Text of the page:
All organs are not created equal, especially when it comes to cancer. Breast cancer is so much more common than heart cancer. Why? Scientists have been wrestling with this question for a long time, trying to find factors—cellular and environmental—that make cancer more likely to occur in an organ. With no clear answers, a group of scientists is calling for a change in approach. In an opinion piece in Cell, they suggest that organs be seen as separate “islands” that evolved individually.
During their evolution, cancer must have hit. When cancer developed in a large, paired organ like the breasts, the cancer-free part could pick up the slack, the breasts continued to do their job, and the organism survived, passing on its traits, including its breasts, to its children.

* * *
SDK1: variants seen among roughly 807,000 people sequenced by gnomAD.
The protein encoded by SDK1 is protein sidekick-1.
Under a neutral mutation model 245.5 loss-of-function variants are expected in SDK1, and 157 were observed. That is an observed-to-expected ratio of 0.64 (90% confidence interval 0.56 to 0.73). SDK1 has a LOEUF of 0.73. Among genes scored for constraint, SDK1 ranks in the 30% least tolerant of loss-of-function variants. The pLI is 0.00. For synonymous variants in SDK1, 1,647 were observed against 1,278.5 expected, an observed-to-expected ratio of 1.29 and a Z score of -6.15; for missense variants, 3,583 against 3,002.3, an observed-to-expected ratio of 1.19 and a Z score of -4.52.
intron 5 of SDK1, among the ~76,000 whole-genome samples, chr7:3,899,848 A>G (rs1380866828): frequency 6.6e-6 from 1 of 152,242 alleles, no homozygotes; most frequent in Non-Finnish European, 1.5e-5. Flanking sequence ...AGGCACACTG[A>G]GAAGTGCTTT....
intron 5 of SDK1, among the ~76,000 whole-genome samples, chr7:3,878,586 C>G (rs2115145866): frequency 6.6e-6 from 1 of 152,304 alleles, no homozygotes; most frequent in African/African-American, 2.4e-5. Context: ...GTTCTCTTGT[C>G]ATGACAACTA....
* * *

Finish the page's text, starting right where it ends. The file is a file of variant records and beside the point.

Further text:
However, think of an unpaired, small organ necessary for survival, like the heart. When it developed cancer, it didn’t have enough of a cancer-free part to function, and the organism died. Heart cancer caused the organism to die—unless the heart could fight off the cancer. So, the only organisms that survived were those whose small, necessary organs developed powerful anti-cancer defenses. These organisms lived, reproduced, and left behind children with the same organs. We are their descendants. According to this theory, then, our small, crucial organs have powerful anti-cancer defenses, while larger, paired organs, like breasts, do not. As a result, breasts develop cancer more often than hearts do.